The IDI is a composite index combining 11 indicators to monitor and compare developments in information and communication technology (ICT). Measuring the country’s ICT readiness, intensity, and impact, the model correlates directly to the enabling environment for a growing Digital Economy, according to the World Bank.
Hope for Nigeria’s digital economy
In recent times however, the Federal Government of Nigeria has channeled commendable efforts towards turning the tide to put the digital economy drive of the country on a top gear.
This is unequivocally amplified by government’s rechristening of the communication ministry as the Ministry Of Communication and Digital Economy as well as launching of National Digital Economy Policy, both by President Buhari, in November, last year.
To realize the raison d’etre of the policy, the President directed Isa Pantami, communication and digital economy minister “to create a digital transformation technical working group that will work with the Ministry of Communications and Digital Economy to ensure seamless and coordinated implementation of projects, programmes and policies”
Nigeria has also advanced plans to deepen broadband penetration in the country to 70 per cent by 2025 as the digital economy ambition of the country rides copiously on broadband connectivity.
President Buhari has also inaugurated Communication and Digital Economy Complex (CDEC) in Abuja as efforts continue towards transforming the Africa’s largest economy to a digitally-driven one.
The president described the CDEC as a building that will serve as a hub for effective coordination of the national digital economy operations. Expressing government’s commitment towards delivering on the country’s digital economy agenda, Mr president urged mobile network operators (MNOs) to ensure full attainment of the targets set in the new National Broadband Plan 2020-2025 by giving special attention to un-served and underserved areas while deploying their services.
The president, who expressed concern about the challenges faced by operators in the country, particularly vandalism of telecommunications equipment, also directed Pantami to work with all relevant government agencies to ensure full protection of critical national infrastructure like telecoms infrastructure.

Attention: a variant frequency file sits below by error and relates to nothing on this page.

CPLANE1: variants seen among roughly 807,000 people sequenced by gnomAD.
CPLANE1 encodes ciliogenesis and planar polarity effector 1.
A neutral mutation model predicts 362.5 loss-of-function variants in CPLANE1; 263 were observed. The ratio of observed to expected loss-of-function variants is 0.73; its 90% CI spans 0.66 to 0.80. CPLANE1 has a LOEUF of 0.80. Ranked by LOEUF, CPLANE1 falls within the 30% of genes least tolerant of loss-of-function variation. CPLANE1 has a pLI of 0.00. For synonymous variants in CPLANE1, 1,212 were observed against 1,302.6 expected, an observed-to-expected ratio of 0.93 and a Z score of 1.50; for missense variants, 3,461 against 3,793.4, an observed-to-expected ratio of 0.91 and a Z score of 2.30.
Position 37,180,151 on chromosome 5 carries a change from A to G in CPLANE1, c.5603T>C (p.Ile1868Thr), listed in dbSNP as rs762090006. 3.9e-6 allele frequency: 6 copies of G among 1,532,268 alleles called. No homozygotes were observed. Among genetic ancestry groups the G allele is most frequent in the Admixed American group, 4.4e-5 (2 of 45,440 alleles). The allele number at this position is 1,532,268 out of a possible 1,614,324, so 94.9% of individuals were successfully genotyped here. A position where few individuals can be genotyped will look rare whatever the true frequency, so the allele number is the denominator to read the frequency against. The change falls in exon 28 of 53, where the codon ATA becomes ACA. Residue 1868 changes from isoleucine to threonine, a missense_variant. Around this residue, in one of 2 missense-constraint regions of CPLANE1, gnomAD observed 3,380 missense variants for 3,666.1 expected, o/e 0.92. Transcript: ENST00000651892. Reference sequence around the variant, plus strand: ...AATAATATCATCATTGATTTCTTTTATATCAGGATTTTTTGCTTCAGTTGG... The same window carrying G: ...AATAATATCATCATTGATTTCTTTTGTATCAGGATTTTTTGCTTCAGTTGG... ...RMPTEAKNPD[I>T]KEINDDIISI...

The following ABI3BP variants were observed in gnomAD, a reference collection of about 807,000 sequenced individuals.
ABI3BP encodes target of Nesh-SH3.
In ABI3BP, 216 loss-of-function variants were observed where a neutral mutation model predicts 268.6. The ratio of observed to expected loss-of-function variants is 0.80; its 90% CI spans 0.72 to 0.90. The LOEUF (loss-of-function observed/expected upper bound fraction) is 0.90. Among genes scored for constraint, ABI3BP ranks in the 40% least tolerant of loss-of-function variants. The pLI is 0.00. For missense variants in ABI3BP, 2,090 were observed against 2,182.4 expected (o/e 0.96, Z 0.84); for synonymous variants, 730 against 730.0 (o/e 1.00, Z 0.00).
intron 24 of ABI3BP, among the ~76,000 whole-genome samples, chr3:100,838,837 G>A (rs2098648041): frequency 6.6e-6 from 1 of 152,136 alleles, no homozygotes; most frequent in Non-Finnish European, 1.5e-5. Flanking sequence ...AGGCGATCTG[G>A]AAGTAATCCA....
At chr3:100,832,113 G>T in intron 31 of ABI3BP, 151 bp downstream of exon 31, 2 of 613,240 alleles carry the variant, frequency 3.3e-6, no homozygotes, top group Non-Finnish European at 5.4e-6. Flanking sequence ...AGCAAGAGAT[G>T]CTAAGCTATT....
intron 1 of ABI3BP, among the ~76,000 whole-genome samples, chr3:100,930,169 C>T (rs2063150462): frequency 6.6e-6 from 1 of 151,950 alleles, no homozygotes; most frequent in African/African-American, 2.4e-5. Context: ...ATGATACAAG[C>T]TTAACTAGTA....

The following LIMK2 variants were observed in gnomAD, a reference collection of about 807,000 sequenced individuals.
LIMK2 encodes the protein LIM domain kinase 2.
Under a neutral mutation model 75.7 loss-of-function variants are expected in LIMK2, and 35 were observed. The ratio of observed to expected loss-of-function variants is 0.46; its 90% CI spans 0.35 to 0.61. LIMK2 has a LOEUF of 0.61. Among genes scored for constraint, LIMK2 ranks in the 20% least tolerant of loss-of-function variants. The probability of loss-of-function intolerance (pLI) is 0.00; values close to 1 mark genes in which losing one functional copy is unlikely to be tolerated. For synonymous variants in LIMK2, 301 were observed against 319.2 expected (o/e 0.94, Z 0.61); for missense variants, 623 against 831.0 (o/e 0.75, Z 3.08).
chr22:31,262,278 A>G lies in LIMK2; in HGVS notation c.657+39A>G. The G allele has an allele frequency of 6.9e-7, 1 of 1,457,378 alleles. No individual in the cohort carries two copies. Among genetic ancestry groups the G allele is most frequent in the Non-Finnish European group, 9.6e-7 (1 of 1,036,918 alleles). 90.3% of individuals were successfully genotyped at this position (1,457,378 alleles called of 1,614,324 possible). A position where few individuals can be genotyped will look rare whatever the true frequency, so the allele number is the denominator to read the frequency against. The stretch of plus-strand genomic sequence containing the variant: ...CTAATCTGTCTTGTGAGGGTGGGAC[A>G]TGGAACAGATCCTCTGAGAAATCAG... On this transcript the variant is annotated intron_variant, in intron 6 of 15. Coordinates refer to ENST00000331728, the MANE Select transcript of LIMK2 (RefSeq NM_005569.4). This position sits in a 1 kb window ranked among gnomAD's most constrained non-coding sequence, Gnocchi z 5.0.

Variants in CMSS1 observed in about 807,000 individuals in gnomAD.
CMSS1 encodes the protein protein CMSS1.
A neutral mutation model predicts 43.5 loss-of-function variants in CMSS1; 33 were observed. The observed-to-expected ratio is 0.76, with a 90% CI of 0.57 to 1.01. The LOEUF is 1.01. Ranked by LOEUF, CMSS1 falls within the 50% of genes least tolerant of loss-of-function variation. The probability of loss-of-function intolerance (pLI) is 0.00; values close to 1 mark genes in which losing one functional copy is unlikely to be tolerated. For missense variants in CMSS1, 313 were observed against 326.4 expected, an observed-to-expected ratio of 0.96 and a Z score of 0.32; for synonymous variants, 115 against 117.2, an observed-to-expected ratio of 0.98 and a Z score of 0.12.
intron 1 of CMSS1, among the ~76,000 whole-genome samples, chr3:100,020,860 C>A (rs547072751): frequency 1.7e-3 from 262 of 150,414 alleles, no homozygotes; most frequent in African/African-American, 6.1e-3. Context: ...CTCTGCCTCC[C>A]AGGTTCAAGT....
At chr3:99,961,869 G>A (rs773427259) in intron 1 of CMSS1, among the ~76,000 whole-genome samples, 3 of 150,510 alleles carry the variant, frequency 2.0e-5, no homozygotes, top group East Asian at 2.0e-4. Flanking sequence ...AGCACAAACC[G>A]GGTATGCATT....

This, therefore, puts the onus on all stakeholders involved in the process of raising the standard of internet connectivity in the country, ranging from private to public sector, to join forces for the required concerted efforts.
As at 2019, Nigeria ranks 75th in Global Connectivity Index report. The report states that as an early starter in ICT, the country has fallen behind others in terms of broadband penetration. Most GCI indicators place Nigeria below the global average, except for one impressive high-scoring dimension which is customer services.
“The nation needs to focus on its infrastructure establishment. Reliable and affordable broadband for businesses and homes are critical for future stages of ICT use. A larger group of Internet users and more online services could stimulate economic growth in this area,” the GCI report reads.
Digital economy post lockdown
Indications are rife that the much anticipated post-COVID- era will present a different terrain to play for private and corporate individuals in Nigeria, with paradigm shift in mode of operation hopefully in favour of further adoption of digital solutions.
As indicated by the World Bank in its Nigeria’s digital economy diagnosis report, the digital economy is based on the trio of digital citizen, digital government and digital private sector; driven by digital finance, digital entrepreneur, digital infrastructure, digital platforms and digital skills which all manifest in the larger socioeconomic setting in form of digital culture, digital health, digital transport, smart energy, ex learning, e -governance, e-commerce, and Industry 4.0.
The escape opportunities provided by adoption of digital solutions during COVID-19 may have opened the door for a drastic change and improvement in digital economy drive in Nigeria, as the current refuge and solace found in the digital world may outlive the global pandemic.
The lockdown and restriction triggered by COVID-19 have brought people to realize digital channels as alternative ways of performing various tasks and operations. After surviving the pandemic, these realizations may stay and give boost to digital economy drive in Nigeria.